By allowing ads to appear on this site, you support the local businesses who, in turn, support great journalism.
Firefighters earn their badges

Default 5

A short video of the ceremony.

To view this video please enable JavaScript, and consider upgrading to a web browser that supports HTML5 video

Eleven men and women culminated their Module One training courses and received badges and certificates this week to officially acknowledge them as volunteer firefighters. This includes seven new volunteer firemen for Richmond Hill and four for Bryan County.

The Aug. 12 banquet at the Wetlands Center included slide shows of the training class as well as congratulatory speeches from city officials and local career firemen that had assisted with the training course. It concluded with a swear-in by local attorney and former volunteer firefighter Mark Schaefer followed by Richmond Hill Chief Vernon Rushing and South Bryan Chief Mike Smith pinning badges on each of their new recruits.

The newest firefighters for Richmond Hill are Mitchell Borowiec, Michael Cooper, Gabriele Hauck, Michael Patrick, Larry Peraldo, Sonya Ward and Patrick Welch. The newest firefighters for Bryan County are Ben Edwards, Vincent Hartley, Austin Philpot and Brett Strickland.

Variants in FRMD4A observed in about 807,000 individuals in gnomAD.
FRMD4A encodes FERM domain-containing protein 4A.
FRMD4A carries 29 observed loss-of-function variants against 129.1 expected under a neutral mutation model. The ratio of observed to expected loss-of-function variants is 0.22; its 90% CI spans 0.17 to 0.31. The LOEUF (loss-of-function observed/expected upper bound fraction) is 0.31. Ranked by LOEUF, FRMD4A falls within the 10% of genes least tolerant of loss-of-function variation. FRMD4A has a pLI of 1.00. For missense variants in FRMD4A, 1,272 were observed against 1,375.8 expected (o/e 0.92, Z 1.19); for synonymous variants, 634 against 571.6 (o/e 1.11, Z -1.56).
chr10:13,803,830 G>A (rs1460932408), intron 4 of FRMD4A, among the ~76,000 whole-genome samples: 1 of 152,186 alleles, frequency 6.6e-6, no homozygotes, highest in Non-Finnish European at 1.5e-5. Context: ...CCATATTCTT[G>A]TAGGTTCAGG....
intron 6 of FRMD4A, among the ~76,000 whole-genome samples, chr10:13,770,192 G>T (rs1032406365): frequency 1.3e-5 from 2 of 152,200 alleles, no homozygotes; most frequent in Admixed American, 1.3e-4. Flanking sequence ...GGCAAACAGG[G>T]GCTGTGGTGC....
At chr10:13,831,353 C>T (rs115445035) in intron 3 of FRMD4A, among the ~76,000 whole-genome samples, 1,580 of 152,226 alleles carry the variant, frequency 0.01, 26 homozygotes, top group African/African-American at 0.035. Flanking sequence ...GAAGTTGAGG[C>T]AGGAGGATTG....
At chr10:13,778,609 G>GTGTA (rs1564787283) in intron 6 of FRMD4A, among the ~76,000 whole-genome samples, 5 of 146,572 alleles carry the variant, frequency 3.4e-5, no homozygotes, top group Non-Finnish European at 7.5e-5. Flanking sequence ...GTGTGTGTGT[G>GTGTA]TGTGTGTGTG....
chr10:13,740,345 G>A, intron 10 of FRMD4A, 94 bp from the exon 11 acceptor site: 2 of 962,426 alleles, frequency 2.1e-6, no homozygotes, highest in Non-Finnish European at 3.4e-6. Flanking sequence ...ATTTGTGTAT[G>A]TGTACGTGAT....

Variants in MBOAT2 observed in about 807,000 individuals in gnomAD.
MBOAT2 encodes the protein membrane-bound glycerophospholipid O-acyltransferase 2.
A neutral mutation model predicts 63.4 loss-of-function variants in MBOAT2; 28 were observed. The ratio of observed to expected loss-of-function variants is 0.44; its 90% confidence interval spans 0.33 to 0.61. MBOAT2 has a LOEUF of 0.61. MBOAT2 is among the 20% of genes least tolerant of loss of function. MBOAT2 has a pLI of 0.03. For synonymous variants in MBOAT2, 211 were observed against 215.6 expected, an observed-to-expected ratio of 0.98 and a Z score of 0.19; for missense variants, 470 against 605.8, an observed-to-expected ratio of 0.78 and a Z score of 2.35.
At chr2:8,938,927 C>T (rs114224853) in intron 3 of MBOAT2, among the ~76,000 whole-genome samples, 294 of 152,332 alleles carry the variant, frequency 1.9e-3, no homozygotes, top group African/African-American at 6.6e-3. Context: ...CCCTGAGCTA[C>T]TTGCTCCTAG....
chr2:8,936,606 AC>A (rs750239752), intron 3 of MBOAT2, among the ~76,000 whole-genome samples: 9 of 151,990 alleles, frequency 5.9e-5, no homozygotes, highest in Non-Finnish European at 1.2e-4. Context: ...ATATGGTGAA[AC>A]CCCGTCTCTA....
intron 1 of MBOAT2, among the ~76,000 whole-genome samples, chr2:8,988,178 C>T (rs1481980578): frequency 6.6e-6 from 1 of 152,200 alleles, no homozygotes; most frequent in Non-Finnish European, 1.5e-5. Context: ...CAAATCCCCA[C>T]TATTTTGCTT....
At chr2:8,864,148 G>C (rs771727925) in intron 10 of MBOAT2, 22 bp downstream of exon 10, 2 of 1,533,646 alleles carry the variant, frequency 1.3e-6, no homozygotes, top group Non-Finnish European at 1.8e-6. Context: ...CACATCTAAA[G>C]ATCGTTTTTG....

Lead instructor and RHFD Lt. Andy Burriss said the Module One class started with 17 people and came down to survival of the fittest. He also said the class this year was more physically grueling than years past.

"We had a wide variety of age groups which brought with it some interesting challenges," Burriss said. "This class impressed me on so many levels. They shared tears and they shared bloodshed, but the only thing they kept telling me was ‘Lieutenant, you’re not taking me off; I’m not quitting.’ This group has truly set the bar for anyone else that enters firefighting training in Richmond Hill from this day forward."

Firefighter Mike Ward, one of several who helped train the recruits, said he witnessed the group form a strong bond throughout their Module One training.

"You crossed territorial boundaries," Ward told the group. "There’s no county, no city, no man, no woman – you just did it. You came together and stood as one. It’s important to establish that now because it doesn’t matter what color uniform you have. Whenever you respond somewhere, you respond as a team."

Mayor Davis spoke of the importance and the integrity of the job for which the recruits have now dedicated themselves to. He said many will go on to be heroes and thanked them for caring enough about their community to embark on the unknown sacrifices that they may encounter.

"A fireman never dies," Davis said. "He just burns forever in the hearts of the people he has saved."

Sign up for our E-Newsletters